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Discussion Starter #1
I haven't seen much discussion about this yet, but I think we're entering a bad time for Canadian banks. Reasons:

1. they are highly leveraged during a sharp contraction
2. collapse of the energy sector
3. sharp increase in unemployment
4. loan deterioration / loan losses
5. and if we get a housing bear market too, disaster for the banks

I think the loan losses are going to be immense and I think it's going to play out over several years. This can't possibly be over quickly. People and businesses are currently still in "shock" mode and financial reality hasn't set in yet. It will be 1 or 2 quarters from now by the time we see these effects in bank earnings reports.

I predict that bank stocks will underperform the TSX. I am underweight banks.
 

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I agree, however a lot of credit is home secured, nobody wants a real estate crash.

I think TD has a large US component, and BNS has South American assets, which should help diversify a bit.

Hopefully they wind up CERB quickly and get people back to work.

Also the government has been "encouraging" banks to be lenient and provide liquidity, if they follow the guidance, the government has an obligation to help them. I don't think they'll get bailed out, but there could be other concessions.

I'm not too concerned if the banks lose a year of profits, in 10 years I think we'll see this whole mess as just a blip that we pretty much forget about. If you're looking at a time horizon of 1-2 years, then you shouldn't have been in equities anyway.
 

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We'll all find out at the end of the month after they report earnings. everything else is speculation.
 

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TD and BNS, I did buy both this time around. Hoping in 10yrs when I retire, these would be among my well timed buys. Seemed safer than buying VCN.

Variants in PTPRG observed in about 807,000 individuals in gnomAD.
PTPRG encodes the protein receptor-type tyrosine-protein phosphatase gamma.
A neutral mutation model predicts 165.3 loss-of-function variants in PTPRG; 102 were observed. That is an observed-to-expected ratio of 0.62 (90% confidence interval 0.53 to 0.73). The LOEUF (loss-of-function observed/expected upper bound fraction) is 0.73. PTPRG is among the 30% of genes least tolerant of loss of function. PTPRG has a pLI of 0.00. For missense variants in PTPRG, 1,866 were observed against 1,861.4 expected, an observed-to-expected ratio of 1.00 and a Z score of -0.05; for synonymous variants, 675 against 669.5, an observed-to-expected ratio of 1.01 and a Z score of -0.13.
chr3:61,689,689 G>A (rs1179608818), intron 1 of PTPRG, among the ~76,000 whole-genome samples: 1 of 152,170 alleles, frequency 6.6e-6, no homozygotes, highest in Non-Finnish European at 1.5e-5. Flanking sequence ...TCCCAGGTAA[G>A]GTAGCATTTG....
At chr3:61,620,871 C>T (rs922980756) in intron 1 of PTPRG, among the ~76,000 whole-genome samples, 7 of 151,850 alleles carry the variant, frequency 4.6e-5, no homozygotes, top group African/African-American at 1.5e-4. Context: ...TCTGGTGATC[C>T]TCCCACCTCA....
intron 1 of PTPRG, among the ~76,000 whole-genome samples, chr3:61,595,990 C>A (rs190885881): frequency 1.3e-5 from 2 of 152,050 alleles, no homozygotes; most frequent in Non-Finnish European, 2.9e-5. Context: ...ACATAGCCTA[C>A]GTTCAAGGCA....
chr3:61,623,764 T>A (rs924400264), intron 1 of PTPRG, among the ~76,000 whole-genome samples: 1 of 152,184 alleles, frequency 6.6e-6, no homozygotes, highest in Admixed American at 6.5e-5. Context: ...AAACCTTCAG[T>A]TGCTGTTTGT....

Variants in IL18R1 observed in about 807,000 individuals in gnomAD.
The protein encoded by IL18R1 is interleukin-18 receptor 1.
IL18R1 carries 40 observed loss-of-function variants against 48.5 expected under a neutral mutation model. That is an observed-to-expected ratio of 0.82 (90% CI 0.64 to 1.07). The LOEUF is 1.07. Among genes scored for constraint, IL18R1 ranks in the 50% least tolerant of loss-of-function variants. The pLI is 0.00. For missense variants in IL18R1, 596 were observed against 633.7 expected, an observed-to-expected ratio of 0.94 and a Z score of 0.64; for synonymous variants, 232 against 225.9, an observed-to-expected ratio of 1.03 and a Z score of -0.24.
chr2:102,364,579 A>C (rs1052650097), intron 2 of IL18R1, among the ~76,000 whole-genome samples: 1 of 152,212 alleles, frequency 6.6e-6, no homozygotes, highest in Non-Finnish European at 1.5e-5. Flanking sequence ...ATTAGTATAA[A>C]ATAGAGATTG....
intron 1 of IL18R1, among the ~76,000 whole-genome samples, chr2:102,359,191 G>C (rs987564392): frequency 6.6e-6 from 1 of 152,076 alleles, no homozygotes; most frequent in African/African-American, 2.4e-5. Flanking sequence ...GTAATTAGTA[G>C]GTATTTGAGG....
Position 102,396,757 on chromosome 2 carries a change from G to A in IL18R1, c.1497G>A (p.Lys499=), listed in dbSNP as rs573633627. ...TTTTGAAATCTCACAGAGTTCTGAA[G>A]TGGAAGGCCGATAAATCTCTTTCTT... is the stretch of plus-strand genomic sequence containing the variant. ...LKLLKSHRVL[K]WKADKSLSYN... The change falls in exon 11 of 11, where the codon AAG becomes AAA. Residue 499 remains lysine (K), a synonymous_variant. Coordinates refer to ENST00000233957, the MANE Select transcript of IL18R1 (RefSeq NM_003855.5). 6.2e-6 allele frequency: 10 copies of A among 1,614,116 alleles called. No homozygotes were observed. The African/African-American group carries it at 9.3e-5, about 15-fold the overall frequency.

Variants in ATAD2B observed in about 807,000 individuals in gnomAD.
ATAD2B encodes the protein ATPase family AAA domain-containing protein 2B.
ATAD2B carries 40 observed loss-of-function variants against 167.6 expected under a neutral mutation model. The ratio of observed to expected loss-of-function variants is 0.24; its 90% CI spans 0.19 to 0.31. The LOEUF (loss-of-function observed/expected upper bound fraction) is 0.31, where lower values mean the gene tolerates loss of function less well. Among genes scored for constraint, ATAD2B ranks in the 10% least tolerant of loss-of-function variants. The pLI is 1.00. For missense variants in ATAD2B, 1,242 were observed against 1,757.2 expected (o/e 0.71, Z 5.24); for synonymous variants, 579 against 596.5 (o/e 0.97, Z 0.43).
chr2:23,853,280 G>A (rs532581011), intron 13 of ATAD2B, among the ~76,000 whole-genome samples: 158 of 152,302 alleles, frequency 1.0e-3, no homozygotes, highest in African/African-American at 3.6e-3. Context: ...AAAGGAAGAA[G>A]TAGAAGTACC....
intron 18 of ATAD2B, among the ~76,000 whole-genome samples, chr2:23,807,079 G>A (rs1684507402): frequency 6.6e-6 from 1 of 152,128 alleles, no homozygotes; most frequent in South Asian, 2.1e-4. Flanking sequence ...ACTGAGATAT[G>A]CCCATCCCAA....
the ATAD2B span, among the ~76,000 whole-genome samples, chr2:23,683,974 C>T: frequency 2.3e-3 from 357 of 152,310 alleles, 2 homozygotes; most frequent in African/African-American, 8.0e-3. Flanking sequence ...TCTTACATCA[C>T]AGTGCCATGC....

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Depends on the time frame...might go lower in the next few quarters but in the long run will make you wealthy...any graph will show past instances of the phenomena...the important thing is to act
 

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At least our banks are honest about loan losses. And you may notice that US banks are pre-emptively taking loan losses as well, like JP Morgan. This recession is potentially going to wipe out maybe half of the profits over the next year. Good thing the banks are already cheap at maybe 7-8 times normalized EPS and at or with only a small premium to book value.

You know who isn't taking any loan losses? European banks. Many of them still haven't taken loan losses from the 2008 recession and are working effectively on low, zero, or even negative equity.

If you're into technical analysis, you may know that markets almost never move up "without the leadership or participation of the financial sector", leadership being even more bullish than participation. If you think the Canadian banks will lag, you may want to reduce your exposure to the index.
 

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Discussion Starter #8
I continue to hold a large RY position as part of my 5-pack. I'm not getting rid of my bank holding, I just think we're going to see some really bad results from them.

I don't make strategic / market timing changes to my asset allocation either. My equity allocation, and 20% banks, remains intact.
 

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Can't disagree with your feelings on Bank stocks but also feel that the dividends are safe and it hard to beat the 5% return these days. A quick search indicated that Net Interest Income accounted for less than 50% of their income and I expect the rest comes from brokerage, insurance, forex, service charges, etc and Bank earnings do not come solely from interest income.